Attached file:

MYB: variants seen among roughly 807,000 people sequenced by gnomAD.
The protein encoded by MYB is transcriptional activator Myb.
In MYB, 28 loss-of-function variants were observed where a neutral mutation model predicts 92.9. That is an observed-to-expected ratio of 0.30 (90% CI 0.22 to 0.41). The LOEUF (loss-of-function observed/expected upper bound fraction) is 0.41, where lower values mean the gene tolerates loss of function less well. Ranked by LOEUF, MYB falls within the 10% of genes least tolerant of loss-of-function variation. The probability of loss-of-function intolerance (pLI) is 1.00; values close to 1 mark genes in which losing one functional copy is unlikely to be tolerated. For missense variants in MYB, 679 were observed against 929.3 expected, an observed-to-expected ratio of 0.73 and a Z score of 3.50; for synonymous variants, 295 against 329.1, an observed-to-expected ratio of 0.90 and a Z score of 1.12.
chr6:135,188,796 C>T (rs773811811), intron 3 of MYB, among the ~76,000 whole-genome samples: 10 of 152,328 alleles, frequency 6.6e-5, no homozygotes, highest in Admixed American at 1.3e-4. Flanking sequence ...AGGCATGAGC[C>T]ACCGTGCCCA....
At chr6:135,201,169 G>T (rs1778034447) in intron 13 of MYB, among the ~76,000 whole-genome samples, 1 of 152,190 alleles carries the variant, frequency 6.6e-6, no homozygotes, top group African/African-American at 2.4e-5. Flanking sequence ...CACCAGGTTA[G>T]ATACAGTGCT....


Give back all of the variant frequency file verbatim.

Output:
MYB: variants seen among roughly 807,000 people sequenced by gnomAD.
The protein encoded by MYB is transcriptional activator Myb.
In MYB, 28 loss-of-function variants were observed where a neutral mutation model predicts 92.9. That is an observed-to-expected ratio of 0.30 (90% CI 0.22 to 0.41). The LOEUF (loss-of-function observed/expected upper bound fraction) is 0.41, where lower values mean the gene tolerates loss of function less well. Ranked by LOEUF, MYB falls within the 10% of genes least tolerant of loss-of-function variation. The probability of loss-of-function intolerance (pLI) is 1.00; values close to 1 mark genes in which losing one functional copy is unlikely to be tolerated. For missense variants in MYB, 679 were observed against 929.3 expected, an observed-to-expected ratio of 0.73 and a Z score of 3.50; for synonymous variants, 295 against 329.1, an observed-to-expected ratio of 0.90 and a Z score of 1.12.
chr6:135,188,796 C>T (rs773811811), intron 3 of MYB, among the ~76,000 whole-genome samples: 10 of 152,328 alleles, frequency 6.6e-5, no homozygotes, highest in Admixed American at 1.3e-4. Flanking sequence ...AGGCATGAGC[C>T]ACCGTGCCCA....
At chr6:135,201,169 G>T (rs1778034447) in intron 13 of MYB, among the ~76,000 whole-genome samples, 1 of 152,190 alleles carries the variant, frequency 6.6e-6, no homozygotes, top group African/African-American at 2.4e-5. Flanking sequence ...CACCAGGTTA[G>T]ATACAGTGCT....